John Jackson, the Gentle Giant of International Trade Law

by Joel P. Trachtman

John Jackson died on Saturday, November 7, 2015, at the age of 83. He had an incredibly productive and creative career, with achievements enough for several lifetimes, and, despite that, he was a lovely and gentle man, who exuded true modesty. In this brief memorial, it would take too long to do justice to his achievements. The highlights of his career, including many important publications, coveted awards and honors, and other major milestones, are summarized nicely by Georgetown Law Centre, where he taught since he left Michigan in 1998.

During the permanent political silly season we are experiencing in the U.S., where bluster and puffery often pass for leadership, it is comforting to think of John Jackson’s authentic, modest, and altruistic leadership of the field of international trade law. He did not seem to intend to lead. Rather, I believe that he moved step-by-step, as his own intellectual curiosity and public spirit drove him at each turn. In doing so, he cultivated a field by writing leading books and articles, educating and mentoring its leading scholars and practitioners, writing important laws, founding the leading journal in the field, and designing a world-improving international organization. He did not cultivate this field to advance his own career, but rather was driven by a spirit of inquiry and of public service. In doing so, he made a major contribution to global society.   For those who would like to see Jackson speak, or hear his own views about some aspects of his contribution, this 2012 interview is a good place to start.

The world can pay no greater tribute to a legal scholar than to adopt his or her ideas. I will provide a vignette of Jackson’s achievements by focusing on the most remarkable of these tributes bestowed on Jackson, the 1995 establishment of the WTO in substantially the form that Jackson recommended in 1990. Perhaps the formation of the WTO, on the cusp of the 21st century and the third millennium, will be regarded in the future as an act of great historical significance. Jackson was present at the creation, and in fact, he was one of the creators.

In his 1990 monograph, Restructuring the GATT System, Jackson set out a critique and a prescription for institutional reform of the GATT: he provided the reasons for, and the design of, the WTO. Jackson put aside the particular trade concessions being negotiated in the Uruguay Round, in favor of “longer-term” and “more fundamental” issues of institutional and, he dared to say, constitutional, structure. Just as only Nixon could have “opened” China, only someone so pragmatic and so immersed in the doctrine, politics, and day-to-day mechanics of the GATT could open up the idea that what was needed was “constitutional.”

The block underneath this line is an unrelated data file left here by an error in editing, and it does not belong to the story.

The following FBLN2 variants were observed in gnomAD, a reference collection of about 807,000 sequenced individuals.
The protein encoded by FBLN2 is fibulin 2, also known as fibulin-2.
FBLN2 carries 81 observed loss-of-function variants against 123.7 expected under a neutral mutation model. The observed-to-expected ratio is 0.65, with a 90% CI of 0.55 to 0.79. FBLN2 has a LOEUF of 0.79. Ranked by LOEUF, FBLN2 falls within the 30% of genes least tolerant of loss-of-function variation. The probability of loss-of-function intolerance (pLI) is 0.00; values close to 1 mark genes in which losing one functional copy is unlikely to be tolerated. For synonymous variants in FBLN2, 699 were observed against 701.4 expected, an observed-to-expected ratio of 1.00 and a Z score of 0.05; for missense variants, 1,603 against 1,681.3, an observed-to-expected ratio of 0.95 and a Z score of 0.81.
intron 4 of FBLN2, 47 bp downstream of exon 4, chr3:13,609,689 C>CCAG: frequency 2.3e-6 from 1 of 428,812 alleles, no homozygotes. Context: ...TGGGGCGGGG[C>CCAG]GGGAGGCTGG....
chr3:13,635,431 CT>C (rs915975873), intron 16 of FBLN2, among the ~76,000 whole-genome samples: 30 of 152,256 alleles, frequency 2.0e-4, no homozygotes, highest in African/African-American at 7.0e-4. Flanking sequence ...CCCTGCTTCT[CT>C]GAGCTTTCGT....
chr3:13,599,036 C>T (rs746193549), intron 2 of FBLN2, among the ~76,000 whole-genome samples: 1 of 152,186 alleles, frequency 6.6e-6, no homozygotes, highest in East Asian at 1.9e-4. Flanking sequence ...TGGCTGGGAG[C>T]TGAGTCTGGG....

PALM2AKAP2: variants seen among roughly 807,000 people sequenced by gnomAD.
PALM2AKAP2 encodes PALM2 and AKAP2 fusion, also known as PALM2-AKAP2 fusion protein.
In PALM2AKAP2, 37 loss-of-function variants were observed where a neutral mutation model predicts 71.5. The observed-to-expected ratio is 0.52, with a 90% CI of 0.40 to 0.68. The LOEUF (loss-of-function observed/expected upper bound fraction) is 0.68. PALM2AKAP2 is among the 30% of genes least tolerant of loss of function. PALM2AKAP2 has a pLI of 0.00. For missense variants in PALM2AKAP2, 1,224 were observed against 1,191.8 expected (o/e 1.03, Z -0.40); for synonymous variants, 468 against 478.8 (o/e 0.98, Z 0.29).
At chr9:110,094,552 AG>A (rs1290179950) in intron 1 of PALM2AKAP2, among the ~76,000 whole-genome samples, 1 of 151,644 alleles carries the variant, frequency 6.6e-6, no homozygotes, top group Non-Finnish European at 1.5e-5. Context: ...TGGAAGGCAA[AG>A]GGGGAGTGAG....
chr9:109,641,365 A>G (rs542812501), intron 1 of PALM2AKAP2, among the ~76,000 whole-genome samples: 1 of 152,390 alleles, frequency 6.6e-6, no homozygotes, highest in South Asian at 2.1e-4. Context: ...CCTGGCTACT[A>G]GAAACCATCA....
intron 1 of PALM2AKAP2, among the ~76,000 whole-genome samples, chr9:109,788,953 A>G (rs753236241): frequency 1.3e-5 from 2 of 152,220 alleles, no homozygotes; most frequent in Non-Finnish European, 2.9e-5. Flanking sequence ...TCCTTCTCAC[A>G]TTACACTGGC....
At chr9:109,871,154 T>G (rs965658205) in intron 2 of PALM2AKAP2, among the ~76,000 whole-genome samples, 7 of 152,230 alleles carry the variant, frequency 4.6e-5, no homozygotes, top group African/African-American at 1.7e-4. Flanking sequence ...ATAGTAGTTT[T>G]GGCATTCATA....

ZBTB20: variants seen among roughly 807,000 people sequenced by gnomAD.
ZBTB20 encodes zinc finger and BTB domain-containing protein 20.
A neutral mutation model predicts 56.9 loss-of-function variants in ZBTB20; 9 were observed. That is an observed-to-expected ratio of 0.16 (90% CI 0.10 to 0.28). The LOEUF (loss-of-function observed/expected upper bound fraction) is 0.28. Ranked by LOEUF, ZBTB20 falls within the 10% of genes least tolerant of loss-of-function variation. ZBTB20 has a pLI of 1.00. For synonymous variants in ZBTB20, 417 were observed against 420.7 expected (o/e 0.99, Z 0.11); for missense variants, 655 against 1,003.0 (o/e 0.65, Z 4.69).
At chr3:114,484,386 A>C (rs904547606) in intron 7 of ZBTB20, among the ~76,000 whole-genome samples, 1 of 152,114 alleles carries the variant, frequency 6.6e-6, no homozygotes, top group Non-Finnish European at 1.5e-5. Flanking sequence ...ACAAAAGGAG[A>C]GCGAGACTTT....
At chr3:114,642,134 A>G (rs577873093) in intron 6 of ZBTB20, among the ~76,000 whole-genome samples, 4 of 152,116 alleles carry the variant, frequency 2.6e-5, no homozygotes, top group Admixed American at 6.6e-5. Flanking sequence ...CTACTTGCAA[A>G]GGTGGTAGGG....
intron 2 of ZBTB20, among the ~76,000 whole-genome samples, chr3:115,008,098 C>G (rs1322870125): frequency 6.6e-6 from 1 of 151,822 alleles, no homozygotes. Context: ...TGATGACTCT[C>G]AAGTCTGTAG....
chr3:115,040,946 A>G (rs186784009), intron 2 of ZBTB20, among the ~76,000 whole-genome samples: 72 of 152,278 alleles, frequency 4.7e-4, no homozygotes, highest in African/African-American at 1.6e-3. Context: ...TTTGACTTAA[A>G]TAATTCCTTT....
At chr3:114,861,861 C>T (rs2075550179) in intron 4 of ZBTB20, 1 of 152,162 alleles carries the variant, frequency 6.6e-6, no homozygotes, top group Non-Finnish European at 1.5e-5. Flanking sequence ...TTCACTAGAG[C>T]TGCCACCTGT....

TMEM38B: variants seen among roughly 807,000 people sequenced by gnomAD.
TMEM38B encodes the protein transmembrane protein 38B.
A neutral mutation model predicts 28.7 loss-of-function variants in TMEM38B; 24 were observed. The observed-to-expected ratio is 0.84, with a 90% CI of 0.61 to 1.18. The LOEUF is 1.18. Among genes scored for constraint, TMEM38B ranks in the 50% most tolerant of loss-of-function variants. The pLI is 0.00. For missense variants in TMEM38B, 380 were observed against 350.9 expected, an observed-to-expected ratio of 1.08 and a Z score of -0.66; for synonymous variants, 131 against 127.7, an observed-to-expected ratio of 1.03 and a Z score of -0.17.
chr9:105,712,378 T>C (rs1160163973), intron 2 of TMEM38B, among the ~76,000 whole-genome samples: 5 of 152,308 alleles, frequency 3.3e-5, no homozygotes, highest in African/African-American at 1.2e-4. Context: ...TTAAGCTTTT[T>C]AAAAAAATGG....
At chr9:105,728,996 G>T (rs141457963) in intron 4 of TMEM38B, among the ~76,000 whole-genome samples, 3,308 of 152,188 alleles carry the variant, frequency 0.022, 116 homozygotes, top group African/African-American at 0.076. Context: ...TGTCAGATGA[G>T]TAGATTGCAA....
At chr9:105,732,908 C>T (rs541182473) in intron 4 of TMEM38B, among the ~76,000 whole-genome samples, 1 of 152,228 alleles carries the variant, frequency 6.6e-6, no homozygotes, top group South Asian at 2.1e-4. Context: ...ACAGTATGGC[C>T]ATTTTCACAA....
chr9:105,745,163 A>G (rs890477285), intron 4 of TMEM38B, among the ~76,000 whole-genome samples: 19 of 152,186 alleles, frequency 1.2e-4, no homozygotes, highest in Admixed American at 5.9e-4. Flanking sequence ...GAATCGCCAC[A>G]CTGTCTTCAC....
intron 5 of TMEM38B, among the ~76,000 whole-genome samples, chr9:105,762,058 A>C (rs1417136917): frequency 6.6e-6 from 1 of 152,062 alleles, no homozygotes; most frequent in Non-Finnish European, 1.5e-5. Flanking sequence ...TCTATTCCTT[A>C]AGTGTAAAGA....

Jackson laid out the foundations of his prescription carefully, examining the (unfortunately termed) “birth defects” of the GATT itself, as well as the stillborn International Trade Organization (ITO), the third of the Bretton Woods triplets. He cataloged the GATT’s institutional problems in decision-making, amendment, balkanization by side agreements, dispute resolution, and secretariat services. He saw the rectification of this system as part of a broader evolution: “To a large degree, the history of civilization may be described as a gradual evolution from a power oriented approach, in the state of nature, towards a rule oriented approach.”

Thus, Restructuring the GATT System, based on thirty years of observation and analysis, formed the basis for Jackson’s advice to the government of Canada regarding institutional issues in the Uruguay Round. Jackson explicitly took a “problem-solving” approach. However, he made the jump from addressing specific problems to a more comprehensive, forward-looking and “fundamental” approach. Jackson saw that the charter of the new organization must be simple and discrete, “focused on the institutional and procedural issues, largely leaving substantive rules and obligations to other treaty instruments such as the GATT which would be served and ‘sheltered’ by the broader organization.” This intuition was the result of a combination of vision and modesty. Jackson saw the need for an overarching organization, but recognized the lack of political support for a complex organization that required more extensive substantive rules and locked them in place. Jackson named the “World Trade Organization” and specified that it would function to support not just the GATT but also, inter alia, an agreement on services and an agreement on intellectual property. Jackson then outlined the WTO charter, covering the fundamental topics actually agreed four years later.

Of course, the structure of the WTO is only the most publicly visible of Jackson’s contributions. It is possible that this contribution will be equaled or exceeded by his contribution to the education and mentoring of practically all the world’s trade law scholars and practitioners, often directly, but otherwise through his publications.

John Jackson dealt not only in punctilious scholarship, rigorous education, careful policy prescription and incisive and creative analysis, but did so with the greatest integrity and humanity. We will miss him, but we will remember him in gratitude for the work he did and the example he set.

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